Farage enters election race as Reform UK candidate

Nigel Farage has announced he will stand in the general election for Reform UK and is taking over as the party's leader.

He will be Reform's candidate in Clacton, after previously saying he would not stand in July’s general election.

The former UKIP and Brexit Party leader said he had changed his mind after spending time on the campaign trail, adding he did not want to let his supporters down.

The Essex seat, which was the first to elect a UKIP MP in 2014, has a Conservative majority of 24,702.

Mr Farage said he wanted to lead a "political revolt," adding: "Yes, a revolt. A turning of our backs on the political status quo. It doesn't work. Nothing in this country works any more."

He predicted the Conservatives will be in opposition after the general election.

He said: "They are split down the middle on policy, and frankly, right now they don't stand for a damn thing.

"So our aim in this election is to get many, many millions of votes. And I'm talking far more votes than UKIP got back in 2015."

In a further blow to Prime Minister Rishi Sunak, two polls suggested the Tories are on course for a huge defeat.

A YouGov poll for Sky News of almost 60,000 people, carried out between 24 May and 1 June, suggested Labour is set for its biggest election victory in history, winning 422 seats, with the Tories down to just 140.

Meanwhile, a More in Common poll of 15,000 people, conducted between 9 April and 29 May, predicts Labour will win 382 seats, compared to 180 for the Tories.

Both are MRP polls, which project results in each individual constituencies, and were carried out before Mr Farage announced he was standing as a candidate.

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Mr Farage has made clear his intention to put immigration at the heart of his campaign.

“We simply as a country cannot go on with an exploding population in the way that it is,” he told BBC Radio 4's Today programme.

He said that the UK should admit far fewer unskilled immigrants, saying: “We don’t need any - we literally don’t need any.”

He also appeared to ditch Reform’s policy to move asylum seekers to British overseas territories. He said the idea was not “terribly practical,” adding: “I took over yesterday, give me more than 12 hours and I’ll sort a few things out.”

Mr Farage has stood to be an MP unsuccessfully seven times, most recently in South Thanet, Kent, in the 2015 general election, when he finished second behind the Tory candidate.

Reform UK had already selected a candidate for Clacton, but Mr Farage said he had known for “many months” that it was a “possibility” he could be replaced.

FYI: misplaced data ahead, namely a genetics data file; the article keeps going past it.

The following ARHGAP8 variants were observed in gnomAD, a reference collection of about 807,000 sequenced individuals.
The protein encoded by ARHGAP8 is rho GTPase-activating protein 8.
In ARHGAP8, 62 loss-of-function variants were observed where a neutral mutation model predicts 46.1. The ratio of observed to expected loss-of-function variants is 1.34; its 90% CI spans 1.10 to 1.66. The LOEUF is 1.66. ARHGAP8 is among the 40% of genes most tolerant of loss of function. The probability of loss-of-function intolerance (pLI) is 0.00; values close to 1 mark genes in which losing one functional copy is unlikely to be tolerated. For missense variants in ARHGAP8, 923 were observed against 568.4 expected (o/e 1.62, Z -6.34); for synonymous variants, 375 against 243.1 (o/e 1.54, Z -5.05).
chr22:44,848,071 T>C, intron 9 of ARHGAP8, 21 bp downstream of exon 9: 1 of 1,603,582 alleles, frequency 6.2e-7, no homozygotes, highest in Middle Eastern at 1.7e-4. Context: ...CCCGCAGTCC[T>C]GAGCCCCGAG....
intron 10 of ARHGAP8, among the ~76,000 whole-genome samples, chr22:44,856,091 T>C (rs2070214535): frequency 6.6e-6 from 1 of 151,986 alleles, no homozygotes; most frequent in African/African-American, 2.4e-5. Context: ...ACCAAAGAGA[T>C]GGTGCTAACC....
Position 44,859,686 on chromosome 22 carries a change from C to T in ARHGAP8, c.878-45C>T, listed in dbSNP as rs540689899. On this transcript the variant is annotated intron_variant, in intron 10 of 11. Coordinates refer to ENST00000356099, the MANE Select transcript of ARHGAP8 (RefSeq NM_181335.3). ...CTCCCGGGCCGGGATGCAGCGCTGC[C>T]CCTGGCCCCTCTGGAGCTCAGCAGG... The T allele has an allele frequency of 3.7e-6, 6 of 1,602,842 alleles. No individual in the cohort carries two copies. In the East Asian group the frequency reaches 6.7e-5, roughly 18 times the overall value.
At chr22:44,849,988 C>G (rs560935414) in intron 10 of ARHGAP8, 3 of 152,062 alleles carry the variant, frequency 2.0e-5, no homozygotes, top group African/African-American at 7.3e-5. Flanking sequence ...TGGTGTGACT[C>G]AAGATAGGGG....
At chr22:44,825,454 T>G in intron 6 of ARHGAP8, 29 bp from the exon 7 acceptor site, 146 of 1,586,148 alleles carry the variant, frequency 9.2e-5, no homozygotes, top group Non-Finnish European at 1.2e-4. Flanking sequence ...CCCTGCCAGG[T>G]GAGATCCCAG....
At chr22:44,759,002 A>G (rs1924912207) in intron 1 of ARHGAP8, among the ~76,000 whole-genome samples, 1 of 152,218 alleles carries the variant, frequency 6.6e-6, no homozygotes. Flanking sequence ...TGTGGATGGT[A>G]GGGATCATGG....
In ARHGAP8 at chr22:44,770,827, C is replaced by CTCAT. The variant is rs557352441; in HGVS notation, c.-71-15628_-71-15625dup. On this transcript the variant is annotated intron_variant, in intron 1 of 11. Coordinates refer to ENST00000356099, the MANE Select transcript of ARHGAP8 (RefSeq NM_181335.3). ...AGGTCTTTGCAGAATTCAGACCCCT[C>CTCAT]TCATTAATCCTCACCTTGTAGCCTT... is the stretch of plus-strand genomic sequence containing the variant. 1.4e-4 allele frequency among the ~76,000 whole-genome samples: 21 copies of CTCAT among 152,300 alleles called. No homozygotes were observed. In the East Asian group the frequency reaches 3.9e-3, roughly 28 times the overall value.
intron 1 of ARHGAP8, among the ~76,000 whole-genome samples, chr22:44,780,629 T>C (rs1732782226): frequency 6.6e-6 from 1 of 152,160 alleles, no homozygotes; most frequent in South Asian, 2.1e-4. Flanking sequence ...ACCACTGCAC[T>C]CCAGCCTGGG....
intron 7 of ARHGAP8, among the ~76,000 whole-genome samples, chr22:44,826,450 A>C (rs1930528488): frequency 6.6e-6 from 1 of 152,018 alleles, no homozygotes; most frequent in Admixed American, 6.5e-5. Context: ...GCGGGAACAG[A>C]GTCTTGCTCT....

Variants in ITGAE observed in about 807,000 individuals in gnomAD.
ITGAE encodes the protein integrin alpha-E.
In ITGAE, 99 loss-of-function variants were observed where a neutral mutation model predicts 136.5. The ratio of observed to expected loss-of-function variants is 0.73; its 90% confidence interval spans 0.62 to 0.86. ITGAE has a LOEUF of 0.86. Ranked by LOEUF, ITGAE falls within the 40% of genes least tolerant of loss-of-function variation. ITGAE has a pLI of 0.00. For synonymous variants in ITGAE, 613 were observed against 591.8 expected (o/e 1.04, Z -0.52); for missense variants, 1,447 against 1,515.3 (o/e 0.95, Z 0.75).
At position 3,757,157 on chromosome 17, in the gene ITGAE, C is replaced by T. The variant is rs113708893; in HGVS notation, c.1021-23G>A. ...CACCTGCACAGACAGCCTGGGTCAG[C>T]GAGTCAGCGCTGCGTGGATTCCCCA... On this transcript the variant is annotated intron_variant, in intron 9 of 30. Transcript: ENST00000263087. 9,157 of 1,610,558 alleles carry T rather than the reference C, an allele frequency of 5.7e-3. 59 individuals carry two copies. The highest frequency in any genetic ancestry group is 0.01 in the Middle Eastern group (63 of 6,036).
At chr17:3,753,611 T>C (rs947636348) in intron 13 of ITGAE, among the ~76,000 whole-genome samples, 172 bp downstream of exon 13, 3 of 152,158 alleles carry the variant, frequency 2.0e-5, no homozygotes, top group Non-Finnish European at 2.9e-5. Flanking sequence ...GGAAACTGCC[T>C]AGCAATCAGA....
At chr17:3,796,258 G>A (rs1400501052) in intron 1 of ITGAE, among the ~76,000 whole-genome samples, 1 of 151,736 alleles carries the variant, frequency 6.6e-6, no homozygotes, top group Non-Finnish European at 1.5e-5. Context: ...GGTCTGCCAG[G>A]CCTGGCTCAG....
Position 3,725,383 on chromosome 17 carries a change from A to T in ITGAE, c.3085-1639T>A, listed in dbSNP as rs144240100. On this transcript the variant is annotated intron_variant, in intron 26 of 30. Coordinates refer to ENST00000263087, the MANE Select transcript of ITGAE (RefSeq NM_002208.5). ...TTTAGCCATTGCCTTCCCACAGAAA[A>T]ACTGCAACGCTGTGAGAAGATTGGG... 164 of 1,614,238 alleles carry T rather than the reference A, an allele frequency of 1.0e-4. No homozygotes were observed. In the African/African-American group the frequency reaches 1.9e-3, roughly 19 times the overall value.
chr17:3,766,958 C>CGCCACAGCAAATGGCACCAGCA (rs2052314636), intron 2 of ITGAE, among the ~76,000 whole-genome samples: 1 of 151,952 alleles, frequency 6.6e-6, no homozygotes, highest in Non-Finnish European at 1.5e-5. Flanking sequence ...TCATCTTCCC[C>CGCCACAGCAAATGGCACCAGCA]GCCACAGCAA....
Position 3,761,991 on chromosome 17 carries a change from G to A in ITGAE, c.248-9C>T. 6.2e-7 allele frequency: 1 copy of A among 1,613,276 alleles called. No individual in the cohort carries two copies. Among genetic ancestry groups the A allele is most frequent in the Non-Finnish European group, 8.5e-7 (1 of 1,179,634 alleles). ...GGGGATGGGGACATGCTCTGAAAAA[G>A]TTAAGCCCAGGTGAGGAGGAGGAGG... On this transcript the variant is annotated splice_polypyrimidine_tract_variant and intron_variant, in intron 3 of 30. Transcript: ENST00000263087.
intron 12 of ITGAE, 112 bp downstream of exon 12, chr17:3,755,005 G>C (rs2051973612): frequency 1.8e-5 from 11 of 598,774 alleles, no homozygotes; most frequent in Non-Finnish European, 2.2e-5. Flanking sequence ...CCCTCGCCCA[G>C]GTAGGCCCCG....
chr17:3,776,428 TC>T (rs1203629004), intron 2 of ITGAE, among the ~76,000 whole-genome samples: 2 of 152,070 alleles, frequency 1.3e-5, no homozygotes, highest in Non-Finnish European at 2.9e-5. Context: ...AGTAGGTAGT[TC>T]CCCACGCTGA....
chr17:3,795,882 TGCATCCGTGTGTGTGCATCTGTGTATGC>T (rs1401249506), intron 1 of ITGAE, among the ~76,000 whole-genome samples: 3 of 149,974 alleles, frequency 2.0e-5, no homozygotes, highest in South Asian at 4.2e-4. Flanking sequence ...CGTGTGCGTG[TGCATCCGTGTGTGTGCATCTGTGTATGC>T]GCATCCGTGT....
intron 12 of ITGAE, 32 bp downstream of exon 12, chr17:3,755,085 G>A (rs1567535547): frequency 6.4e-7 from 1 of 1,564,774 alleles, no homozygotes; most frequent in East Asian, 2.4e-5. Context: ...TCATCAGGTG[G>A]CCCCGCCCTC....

The constituency was previously held by UKIP after former Tory MP Douglas Carswell defected to the party and triggered a by-election, which he won.

More than 70% of voters in the constituency backed Brexit in the 2016 referendum – the fifth highest figure in the UK.

In 2017 Conservative Giles Watling unseated UKIP, gaining the seat with a majority of more than 15,000.

By 2019, with no UKIP or Brexit Party candidate standing, Mr Watling’s majority grew to 24,702. He is defending the seat again in July for the Tories.

Mr Watling told the BBC: “I will be pleased to show Nigel around Clacton so he can see what it is really like, but I am not prepared to see the constituency of Clacton sacrificed on the altar of his vanity.”

Many Conservatives fear a prominent role for Mr Farage in the campaign could be damaging for the Tories.

In 2019 Reform's previous incarnation, the Brexit Party, stood aside in more than 300 seats previously won by the Tories, amid concerns it could split the pro-Brexit vote.

However, Mr Farage has said there will be no deals with the Tory Party for the upcoming general election and the party is contesting 630 seats across England, Scotland and Wales.

Reform had one MP in the last Parliament, Lee Anderson - who defected from the Tories in March. The party's leader Richard Tice stood aside for Mr Farage on Monday.

A Conservative Party spokesman said Mr Farage "risks handing Keir Starmer a blank cheque".

"Farage knows that Reform won’t win any seats, but he doesn’t seem to care that a vote for Reform only helps Labour," he said.

Liberal Democrat deputy leader Daisy Cooper: "Rishi Sunak's constant pandering to Reform has horrified former lifelong Conservative voters in the centre ground.

"Sunak must show some backbone and rule out Farage ever joining the Conservative Party in future, including if he gets elected to be an MP."

The other candidates announced as standing in Clacton so far are:

Giles Watling, Conservative Party

Jovan Owusu-Nepaul, Labour Party

Matthew Bensilum, Liberal Democrats

Natasha Osben, Green Party

A full list will be published on the BBC News website after nominations close on Friday